Diane Ackerman (born October 7, 1948) is an American author, poet, and naturalist most famous for her work A Natural History of the Senses. She has taught at various universities, including Columbia and Cornell, and her essays regularly appear in distinguished popular and literary journals.
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- I don't want to be a passenger in my own life.
- On Extended Wings (1985)
- I don't want to get to the end of my life and find that I just lived the length of it. I want to live the width of it as well.
- As quoted in Meditations for Women Who Do Too (1991) by Anne Wilson Schaef
- Human beings are sloshing sacks of chemicals on the move.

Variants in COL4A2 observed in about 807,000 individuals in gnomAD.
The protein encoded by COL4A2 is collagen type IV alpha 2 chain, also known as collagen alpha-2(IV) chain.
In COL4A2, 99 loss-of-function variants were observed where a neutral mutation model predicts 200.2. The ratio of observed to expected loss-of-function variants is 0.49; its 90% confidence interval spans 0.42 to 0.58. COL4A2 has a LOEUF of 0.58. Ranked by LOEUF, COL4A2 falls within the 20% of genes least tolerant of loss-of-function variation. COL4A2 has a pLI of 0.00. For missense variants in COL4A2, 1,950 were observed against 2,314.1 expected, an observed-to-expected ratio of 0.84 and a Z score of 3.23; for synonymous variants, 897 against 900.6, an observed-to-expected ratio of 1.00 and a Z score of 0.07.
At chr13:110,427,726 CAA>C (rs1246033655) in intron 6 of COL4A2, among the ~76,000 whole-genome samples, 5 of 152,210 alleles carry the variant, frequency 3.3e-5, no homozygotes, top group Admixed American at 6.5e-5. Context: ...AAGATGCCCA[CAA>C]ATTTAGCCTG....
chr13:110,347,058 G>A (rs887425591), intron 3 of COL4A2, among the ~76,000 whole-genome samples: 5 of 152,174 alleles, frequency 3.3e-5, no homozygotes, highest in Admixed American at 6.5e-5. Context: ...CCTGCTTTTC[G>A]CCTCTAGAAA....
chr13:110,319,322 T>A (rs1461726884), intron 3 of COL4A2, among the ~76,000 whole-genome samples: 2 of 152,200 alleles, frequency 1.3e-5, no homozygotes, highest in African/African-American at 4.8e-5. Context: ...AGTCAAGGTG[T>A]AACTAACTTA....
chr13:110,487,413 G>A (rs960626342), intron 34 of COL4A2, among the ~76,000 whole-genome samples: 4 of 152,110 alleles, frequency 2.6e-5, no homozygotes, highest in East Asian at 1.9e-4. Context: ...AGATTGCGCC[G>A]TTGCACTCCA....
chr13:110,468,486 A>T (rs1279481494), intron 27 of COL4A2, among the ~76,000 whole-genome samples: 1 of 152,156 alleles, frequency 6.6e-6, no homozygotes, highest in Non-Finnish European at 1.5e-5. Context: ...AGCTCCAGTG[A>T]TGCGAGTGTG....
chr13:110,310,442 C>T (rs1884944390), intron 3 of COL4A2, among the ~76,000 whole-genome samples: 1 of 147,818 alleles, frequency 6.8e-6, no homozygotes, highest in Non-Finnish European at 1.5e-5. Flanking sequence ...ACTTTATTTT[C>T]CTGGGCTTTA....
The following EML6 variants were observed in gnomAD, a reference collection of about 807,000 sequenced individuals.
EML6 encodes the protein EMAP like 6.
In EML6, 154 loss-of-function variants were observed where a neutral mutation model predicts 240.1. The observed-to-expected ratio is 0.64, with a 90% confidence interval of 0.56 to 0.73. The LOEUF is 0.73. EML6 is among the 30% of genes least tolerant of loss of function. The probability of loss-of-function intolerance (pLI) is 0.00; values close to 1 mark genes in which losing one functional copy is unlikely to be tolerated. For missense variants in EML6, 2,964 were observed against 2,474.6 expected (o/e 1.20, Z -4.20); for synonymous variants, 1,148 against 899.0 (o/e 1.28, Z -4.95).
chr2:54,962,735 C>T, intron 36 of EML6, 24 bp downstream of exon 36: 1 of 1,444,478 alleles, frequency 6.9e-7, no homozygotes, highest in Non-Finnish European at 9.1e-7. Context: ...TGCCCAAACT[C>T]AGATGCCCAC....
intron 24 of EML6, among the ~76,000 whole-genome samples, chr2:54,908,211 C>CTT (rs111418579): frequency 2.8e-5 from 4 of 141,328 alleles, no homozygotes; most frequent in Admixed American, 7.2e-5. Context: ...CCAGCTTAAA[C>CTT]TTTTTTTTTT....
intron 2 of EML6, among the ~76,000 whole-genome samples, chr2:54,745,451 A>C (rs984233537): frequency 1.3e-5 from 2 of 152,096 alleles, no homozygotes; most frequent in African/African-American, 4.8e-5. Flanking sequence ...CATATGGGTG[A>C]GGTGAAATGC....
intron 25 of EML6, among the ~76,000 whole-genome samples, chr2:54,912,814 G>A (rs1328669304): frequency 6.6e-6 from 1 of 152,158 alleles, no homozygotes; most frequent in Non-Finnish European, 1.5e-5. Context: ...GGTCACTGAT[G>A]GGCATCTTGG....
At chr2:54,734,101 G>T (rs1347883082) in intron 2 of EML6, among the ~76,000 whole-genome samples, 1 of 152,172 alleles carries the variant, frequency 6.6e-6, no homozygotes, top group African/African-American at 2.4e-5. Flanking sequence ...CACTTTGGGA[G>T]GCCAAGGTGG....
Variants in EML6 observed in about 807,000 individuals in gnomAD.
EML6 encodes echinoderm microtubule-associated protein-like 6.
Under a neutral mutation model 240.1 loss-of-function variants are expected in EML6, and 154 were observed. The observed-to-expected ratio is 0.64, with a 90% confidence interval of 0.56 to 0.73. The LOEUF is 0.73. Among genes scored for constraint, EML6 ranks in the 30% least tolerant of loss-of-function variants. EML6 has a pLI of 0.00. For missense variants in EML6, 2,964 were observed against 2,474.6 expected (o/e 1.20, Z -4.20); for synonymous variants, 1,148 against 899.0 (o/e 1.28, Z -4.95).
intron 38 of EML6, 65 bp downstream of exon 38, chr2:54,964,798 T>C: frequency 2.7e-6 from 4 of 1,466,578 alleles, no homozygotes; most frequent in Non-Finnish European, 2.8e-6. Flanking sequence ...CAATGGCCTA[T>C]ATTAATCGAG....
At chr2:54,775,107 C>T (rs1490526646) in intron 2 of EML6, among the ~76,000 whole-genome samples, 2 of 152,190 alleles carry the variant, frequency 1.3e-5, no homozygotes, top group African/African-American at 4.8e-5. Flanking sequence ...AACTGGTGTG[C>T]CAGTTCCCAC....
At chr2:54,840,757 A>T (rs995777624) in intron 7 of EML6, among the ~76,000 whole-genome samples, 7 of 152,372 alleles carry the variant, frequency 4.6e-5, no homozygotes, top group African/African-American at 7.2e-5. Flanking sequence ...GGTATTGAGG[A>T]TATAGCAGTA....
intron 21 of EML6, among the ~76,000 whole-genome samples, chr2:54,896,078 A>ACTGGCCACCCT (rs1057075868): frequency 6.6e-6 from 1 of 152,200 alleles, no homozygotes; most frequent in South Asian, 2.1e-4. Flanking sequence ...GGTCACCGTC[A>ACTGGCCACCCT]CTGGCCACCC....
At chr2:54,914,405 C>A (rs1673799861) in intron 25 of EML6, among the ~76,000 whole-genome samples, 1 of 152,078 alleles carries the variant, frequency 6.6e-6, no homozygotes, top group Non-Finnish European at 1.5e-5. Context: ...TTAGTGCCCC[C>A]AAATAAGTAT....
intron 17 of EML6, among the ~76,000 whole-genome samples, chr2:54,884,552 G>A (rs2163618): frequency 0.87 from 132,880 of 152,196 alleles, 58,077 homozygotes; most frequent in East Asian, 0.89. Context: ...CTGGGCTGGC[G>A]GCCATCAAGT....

- An Alchemy of Mind : The Marvel and Mystery of the Brain (2004) ISBN 0743246721
- It began in mystery, and it will end in mystery, but what a savage and beautiful country lies in between.
- Look in the mirror. The face that pins you with its double gaze reveals a chastening secret. You are looking into a predator's eyes. Most predators have eyes set right on the front of their heads, so they can use binocular vision to sight and track their prey.
- There are well-dressed foolish ideas just as there are well-dressed fools.
- Sometimes attributed to Ackerman this actually originates with Nicolas Chamfort, as quoted in The Cynic's Breviary : Maxims and Anecdotes from Nicolas de Chamfort (1902) as translated by William G. Hutchison, p. 37